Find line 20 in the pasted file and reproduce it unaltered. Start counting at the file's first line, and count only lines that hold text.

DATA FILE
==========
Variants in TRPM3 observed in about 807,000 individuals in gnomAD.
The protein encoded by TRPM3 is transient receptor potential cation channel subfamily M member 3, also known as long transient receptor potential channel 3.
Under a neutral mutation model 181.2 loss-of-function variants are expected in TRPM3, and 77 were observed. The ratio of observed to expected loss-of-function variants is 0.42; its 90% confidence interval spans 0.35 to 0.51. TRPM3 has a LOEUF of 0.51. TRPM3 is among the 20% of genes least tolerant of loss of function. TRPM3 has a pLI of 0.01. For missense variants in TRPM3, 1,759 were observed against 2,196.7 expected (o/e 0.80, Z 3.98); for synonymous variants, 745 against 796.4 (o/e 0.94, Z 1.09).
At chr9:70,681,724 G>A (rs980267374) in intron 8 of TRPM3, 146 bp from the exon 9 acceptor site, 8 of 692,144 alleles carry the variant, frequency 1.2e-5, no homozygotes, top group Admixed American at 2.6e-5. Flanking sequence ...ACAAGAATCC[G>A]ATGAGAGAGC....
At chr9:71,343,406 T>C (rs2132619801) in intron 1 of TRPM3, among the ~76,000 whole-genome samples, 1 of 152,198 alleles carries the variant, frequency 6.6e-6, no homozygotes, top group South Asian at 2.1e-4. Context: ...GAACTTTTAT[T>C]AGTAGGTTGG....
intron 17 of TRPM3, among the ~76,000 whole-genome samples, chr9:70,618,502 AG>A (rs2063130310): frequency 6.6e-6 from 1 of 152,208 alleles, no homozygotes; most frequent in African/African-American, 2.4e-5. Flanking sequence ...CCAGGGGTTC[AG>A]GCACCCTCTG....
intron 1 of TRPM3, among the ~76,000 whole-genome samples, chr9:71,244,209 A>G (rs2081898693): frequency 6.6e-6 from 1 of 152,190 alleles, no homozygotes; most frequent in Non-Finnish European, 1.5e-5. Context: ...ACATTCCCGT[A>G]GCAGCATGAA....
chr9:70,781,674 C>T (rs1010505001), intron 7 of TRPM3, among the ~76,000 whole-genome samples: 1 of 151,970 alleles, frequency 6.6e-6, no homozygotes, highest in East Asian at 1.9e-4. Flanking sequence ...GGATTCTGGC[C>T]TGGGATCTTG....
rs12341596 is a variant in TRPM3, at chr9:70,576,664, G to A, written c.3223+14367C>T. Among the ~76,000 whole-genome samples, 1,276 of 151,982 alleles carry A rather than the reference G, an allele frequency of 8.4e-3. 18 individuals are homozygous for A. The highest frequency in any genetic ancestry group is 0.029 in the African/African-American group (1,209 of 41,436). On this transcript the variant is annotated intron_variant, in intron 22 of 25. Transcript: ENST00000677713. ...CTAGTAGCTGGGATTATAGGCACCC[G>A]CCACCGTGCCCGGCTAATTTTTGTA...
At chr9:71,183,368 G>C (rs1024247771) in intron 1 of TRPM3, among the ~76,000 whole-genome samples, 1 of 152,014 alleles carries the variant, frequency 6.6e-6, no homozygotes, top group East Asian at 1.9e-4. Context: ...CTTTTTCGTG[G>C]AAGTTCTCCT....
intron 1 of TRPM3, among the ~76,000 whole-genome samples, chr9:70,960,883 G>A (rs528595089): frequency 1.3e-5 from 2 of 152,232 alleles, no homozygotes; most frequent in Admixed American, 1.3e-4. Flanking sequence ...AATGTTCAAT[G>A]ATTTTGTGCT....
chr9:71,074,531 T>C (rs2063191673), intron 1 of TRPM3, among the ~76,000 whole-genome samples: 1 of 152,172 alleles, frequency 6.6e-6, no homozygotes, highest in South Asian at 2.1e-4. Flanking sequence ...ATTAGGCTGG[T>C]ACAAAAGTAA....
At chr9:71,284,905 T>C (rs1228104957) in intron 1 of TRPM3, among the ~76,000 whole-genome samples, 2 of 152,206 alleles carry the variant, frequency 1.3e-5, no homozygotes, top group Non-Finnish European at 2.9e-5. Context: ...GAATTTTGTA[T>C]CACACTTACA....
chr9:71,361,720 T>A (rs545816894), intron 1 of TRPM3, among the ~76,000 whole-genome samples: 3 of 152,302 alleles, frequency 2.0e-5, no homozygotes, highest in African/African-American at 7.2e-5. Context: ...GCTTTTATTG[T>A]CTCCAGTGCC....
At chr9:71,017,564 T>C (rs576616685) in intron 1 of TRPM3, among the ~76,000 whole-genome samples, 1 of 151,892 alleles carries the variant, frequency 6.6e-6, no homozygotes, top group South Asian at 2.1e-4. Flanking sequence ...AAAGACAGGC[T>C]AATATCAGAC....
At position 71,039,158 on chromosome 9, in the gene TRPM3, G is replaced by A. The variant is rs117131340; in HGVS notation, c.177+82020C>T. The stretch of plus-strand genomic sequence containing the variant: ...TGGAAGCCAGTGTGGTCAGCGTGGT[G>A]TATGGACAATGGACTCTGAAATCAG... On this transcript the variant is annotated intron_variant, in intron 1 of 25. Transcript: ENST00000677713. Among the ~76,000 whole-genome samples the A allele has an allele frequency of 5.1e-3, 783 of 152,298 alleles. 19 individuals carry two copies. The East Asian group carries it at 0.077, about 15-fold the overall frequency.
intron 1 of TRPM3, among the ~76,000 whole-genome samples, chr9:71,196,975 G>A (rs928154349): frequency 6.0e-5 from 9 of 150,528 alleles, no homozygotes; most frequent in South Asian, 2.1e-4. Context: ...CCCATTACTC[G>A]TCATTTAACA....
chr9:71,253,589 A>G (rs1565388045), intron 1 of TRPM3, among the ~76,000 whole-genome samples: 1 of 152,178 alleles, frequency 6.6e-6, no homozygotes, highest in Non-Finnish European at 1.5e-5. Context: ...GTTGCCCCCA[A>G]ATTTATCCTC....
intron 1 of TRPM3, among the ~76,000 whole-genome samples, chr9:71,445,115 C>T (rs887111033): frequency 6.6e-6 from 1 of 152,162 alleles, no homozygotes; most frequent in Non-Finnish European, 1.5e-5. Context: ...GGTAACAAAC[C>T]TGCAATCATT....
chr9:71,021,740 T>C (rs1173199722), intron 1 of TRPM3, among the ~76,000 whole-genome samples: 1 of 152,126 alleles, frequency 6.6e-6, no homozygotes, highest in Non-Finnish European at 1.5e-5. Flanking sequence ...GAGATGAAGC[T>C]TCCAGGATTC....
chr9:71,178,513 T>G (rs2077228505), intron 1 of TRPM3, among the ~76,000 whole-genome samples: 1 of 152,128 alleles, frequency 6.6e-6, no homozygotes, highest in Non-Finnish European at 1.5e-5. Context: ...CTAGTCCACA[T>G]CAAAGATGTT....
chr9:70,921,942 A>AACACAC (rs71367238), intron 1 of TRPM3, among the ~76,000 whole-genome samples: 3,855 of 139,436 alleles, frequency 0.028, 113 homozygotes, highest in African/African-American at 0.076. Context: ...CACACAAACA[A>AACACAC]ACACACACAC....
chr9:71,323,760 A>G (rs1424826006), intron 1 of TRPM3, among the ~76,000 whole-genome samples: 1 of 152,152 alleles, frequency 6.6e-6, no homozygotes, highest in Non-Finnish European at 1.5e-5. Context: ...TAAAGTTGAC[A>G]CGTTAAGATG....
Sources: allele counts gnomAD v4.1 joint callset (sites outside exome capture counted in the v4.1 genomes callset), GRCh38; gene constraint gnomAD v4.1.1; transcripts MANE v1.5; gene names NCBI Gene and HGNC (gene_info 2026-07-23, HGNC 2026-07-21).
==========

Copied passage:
chr9:71,021,740 T>C (rs1173199722), intron 1 of TRPM3, among the ~76,000 whole-genome samples: 1 of 152,126 alleles, frequency 6.6e-6, no homozygotes, highest in Non-Finnish European at 1.5e-5. Flanking sequence ...GAGATGAAGC[T>C]TCCAGGATTC....